The World from Berlin 'Ossis Aren't Indians'
More than two decades after German renunification, a Stuttgart labor court ruled on a landmark case which highlighted an ongoing, low-level cultural tensions between the eastern and western parts of the country.
The case hinged on a woman identified as Gabriela S., who was born in the Communist former German Democratic Republic but has lived in Stuttgart for more than two decades. In 2009 the 48-year-old bookkeeper failed to get a job at a window manufacturer in the southwestern city and her application was returned to her with "Ossi" and a minus sign written on her resume .
"Ossi," based on the German word Ost, or East, is often used disparagingly, and Gabriela S. and her lawyer sued the window company for three months salary on grounds of discrimination based on ethnic background. The closely watched case ended on Thursday with the Stuttgart labor court rejecting her claim and arguing that East Germans could not be seen as a tribe-like group.
In determining an ethnic background, more must be considered than just a person's regional origin, the judge said, while at the same time conceding that the term "Ossi" could be taken as a negative label.
In its defense the Stuttgart-based firm insisted that Gabriela S. was unqualified for the position. It said it had labelled her resume with the term "Ossi" as a positive comment, adding that the minus sign was intended to reflect her inappropriate qualifications.
The case has raised a number of awkward questions about relations between east and west Germans more than two decades after German reunification. Newspaper editorialists chew over the subject on Friday, with many arguing that more needs to be done to address discrimination against those from the former East.
The center-right Frankfurter Allgemeine Zeitung writes:
"Only ignorant 'Wessis' (the nickname for those from western Germany) could label people from Mecklenburg, Thuringia and Saxony as belonging to the same ethnic group. Their only similarity is that they were all, to some extent, shaped by the socialist state during 40 years of the German Democratic Republic -- regardless if they personally supported the system or not. These shared experiences continue to affect those people today. It remains one of the biggest political mistakes that no one has tried to imagine the situation from the perspective of those in the former East Germany."
"We have as little influence over our origins as over our gender. For that reason it doesn't appear far-fetched to use anti-discriminatory legislation in such cases. Whatever one thinks of the General Equal Treatment Act, any employer who is stupid enough to reject an applicant on grounds other than their qualifications should not be surprised by a barrage of negative criticism."
"Meanwhile, there is something positive to be drawn from all this: Such cases serve to reinforce the inner unity of this country."
The center-left Süddeutsche Zeitung writes:
"The Stuttgart labor court's decision firstly serves as good sideshow -- but it also focuses attention on legal issues. The detailed legal analysis is not quite as funny as a sideshow, but it is rewarding: It leads to the conclusion that the verdict is wrong."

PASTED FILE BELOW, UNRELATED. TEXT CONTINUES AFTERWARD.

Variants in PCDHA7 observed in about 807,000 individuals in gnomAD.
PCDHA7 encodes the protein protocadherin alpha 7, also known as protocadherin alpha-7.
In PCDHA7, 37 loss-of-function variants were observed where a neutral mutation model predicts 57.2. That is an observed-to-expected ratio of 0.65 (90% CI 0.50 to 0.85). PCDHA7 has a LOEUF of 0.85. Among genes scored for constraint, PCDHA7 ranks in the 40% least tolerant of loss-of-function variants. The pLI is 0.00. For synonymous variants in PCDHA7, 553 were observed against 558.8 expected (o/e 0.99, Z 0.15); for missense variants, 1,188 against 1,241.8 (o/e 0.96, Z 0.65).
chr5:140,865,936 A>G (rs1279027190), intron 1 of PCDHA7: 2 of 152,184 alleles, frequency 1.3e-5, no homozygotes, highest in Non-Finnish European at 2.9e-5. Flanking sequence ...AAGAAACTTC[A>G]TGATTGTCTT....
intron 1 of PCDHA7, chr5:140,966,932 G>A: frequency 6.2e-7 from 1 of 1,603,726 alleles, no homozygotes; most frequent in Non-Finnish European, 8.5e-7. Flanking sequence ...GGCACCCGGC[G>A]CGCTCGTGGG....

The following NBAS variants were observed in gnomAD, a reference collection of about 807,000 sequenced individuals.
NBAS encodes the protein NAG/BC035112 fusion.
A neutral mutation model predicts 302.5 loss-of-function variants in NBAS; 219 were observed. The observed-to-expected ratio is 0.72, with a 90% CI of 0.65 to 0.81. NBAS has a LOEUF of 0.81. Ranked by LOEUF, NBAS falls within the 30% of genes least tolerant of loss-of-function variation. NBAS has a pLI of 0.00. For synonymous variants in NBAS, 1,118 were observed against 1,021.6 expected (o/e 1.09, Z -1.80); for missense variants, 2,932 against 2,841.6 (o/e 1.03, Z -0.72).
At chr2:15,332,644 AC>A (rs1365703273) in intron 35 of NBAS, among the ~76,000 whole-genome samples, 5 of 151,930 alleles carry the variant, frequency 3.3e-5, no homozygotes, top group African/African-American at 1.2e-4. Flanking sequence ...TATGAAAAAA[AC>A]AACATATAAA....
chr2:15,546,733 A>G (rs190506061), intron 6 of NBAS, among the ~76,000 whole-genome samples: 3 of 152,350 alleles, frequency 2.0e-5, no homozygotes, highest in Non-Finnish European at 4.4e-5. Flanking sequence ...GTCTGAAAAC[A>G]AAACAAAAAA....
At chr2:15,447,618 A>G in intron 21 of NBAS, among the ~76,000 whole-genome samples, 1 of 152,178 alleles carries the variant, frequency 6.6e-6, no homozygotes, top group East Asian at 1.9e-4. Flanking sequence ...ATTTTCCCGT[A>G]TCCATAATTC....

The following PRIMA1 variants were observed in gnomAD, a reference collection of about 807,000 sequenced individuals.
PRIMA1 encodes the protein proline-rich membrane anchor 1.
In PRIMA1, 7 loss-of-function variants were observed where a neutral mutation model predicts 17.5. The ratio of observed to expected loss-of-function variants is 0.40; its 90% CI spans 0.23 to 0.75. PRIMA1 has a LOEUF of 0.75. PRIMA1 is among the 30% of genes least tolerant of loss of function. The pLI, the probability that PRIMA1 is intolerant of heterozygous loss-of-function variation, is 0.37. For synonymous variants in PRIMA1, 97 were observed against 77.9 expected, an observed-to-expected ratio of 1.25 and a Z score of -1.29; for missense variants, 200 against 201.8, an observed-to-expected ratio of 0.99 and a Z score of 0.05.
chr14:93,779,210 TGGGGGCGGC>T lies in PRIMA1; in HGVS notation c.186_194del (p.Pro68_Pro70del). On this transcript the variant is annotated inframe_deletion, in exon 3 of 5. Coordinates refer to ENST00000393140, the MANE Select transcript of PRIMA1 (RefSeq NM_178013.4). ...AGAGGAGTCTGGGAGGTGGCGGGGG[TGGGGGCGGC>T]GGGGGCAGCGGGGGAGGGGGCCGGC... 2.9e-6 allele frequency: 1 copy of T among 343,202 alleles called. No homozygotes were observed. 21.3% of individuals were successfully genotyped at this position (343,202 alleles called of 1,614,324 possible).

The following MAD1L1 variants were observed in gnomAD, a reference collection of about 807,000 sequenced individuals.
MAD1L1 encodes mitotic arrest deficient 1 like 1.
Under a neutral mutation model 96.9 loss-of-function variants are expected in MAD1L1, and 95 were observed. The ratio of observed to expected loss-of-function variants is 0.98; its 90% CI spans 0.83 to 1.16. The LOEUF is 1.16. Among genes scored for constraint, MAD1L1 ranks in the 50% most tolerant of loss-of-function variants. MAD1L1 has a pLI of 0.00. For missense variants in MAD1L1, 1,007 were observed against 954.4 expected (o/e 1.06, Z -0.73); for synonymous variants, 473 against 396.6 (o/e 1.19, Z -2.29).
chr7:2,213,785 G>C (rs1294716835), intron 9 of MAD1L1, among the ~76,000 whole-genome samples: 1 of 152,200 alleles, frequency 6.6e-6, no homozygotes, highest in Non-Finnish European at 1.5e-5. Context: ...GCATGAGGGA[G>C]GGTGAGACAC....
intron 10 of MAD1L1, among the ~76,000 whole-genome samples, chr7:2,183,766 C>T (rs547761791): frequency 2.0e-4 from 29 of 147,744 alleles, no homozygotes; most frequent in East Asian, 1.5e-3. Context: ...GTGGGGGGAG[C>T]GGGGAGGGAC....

"The Labor Court dismissed the case of the East Berlin-born job applicant who had been rejected by her employer on the grounds that she was an 'Ossi'. The court ruled that Ossis were not an ethnic group, based on the General Equal Treatment Act."
"That may well be true, but we also have the German constitution. Article 3, paragraph 3 of the constitution clearly states that no one should be discriminated against 'because of sex, race or language and' -- wait for it -- 'due to his homeland and origin'. Without a doubt, the label 'Ossi' refers to origin and homeland."
The left-leaning Frankfurter Rundschau writes:
"The term 'Ossi' may be offensive, but it is not covered by the General Equal Treatment Act. Of course it matters whether someone went to the Free German Youth (East Germany's official socialist youth movement) or was forbidden from their chosen professional path due to their allegedly mistaken political beliefs."
"For this generation at least, the term 'Ossi' remains crucial to many people's identity. In this particular case, the label 'Ossi' was not used neutrally, but negatively and thoughtlessly. Maybe the judge wanted to use this case to provoke awareness of a legally gray area. Hopefully the applicant will continue her fight."
The Nordkurier, a regional paper from northeastern Germany writes:
"The white, er, wise man, has rule: 'Ossis' aren't Indians. ... But plaintiff Gaberiele S. and her attorney have already done a lot by drawing considerable public attention to this issue. She should be praised for taking this to court rather than just accepting it."
"Too old, too fat, too costly, too sick, too female, too 'Ossi' -- in the daily fight for jobs many candidates face discriminatory judgments, either directly, or implied. Sometimes these are careless -- but rarely are they justifiable. It is fair enough, and even important, when the victims of such hurtful comments try to defend themselves and recover their self-esteem."
Ostthüringer Zeitung, a regional paper based in Gera, eastern Germany, writes:
"Thanks go to the judge who upheld that East Germans are not an ethinic group -- a fact that no one doubted in the first place. Anyone who grew up in East Germany, knows that people differed greatly across the former country, from Thuringia to Saxony to those dwelling in the major cities. It was German reunification that first embedded the clear categories of Easterners and Westerners. Those German generalizations always leave one group feeling discriminated against, rather than giving them a sense of 'Ossi' pride."